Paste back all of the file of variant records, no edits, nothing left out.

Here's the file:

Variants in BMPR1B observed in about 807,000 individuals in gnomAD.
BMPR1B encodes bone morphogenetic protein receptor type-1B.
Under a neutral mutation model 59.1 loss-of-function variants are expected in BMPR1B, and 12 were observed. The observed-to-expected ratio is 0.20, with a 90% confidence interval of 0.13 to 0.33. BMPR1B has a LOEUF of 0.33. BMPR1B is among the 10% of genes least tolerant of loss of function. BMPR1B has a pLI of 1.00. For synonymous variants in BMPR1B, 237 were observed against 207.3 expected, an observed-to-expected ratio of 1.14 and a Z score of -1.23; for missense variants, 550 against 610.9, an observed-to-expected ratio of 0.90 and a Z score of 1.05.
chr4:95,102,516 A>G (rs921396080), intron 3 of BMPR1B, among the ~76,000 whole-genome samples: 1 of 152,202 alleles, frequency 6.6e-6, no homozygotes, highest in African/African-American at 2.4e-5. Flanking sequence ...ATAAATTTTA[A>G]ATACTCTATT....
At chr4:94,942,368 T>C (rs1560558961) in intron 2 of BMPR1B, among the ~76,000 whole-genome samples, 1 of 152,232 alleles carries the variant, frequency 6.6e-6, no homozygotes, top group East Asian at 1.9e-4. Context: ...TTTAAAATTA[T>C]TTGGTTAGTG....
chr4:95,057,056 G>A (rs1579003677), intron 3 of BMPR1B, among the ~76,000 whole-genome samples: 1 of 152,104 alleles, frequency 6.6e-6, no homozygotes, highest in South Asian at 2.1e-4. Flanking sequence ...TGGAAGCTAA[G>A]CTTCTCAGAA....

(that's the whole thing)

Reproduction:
Variants in BMPR1B observed in about 807,000 individuals in gnomAD.
BMPR1B encodes bone morphogenetic protein receptor type-1B.
Under a neutral mutation model 59.1 loss-of-function variants are expected in BMPR1B, and 12 were observed. The observed-to-expected ratio is 0.20, with a 90% confidence interval of 0.13 to 0.33. BMPR1B has a LOEUF of 0.33. BMPR1B is among the 10% of genes least tolerant of loss of function. BMPR1B has a pLI of 1.00. For synonymous variants in BMPR1B, 237 were observed against 207.3 expected, an observed-to-expected ratio of 1.14 and a Z score of -1.23; for missense variants, 550 against 610.9, an observed-to-expected ratio of 0.90 and a Z score of 1.05.
chr4:95,102,516 A>G (rs921396080), intron 3 of BMPR1B, among the ~76,000 whole-genome samples: 1 of 152,202 alleles, frequency 6.6e-6, no homozygotes, highest in African/African-American at 2.4e-5. Flanking sequence ...ATAAATTTTA[A>G]ATACTCTATT....
At chr4:94,942,368 T>C (rs1560558961) in intron 2 of BMPR1B, among the ~76,000 whole-genome samples, 1 of 152,232 alleles carries the variant, frequency 6.6e-6, no homozygotes, top group East Asian at 1.9e-4. Context: ...TTTAAAATTA[T>C]TTGGTTAGTG....
chr4:95,057,056 G>A (rs1579003677), intron 3 of BMPR1B, among the ~76,000 whole-genome samples: 1 of 152,104 alleles, frequency 6.6e-6, no homozygotes, highest in South Asian at 2.1e-4. Flanking sequence ...TGGAAGCTAA[G>A]CTTCTCAGAA....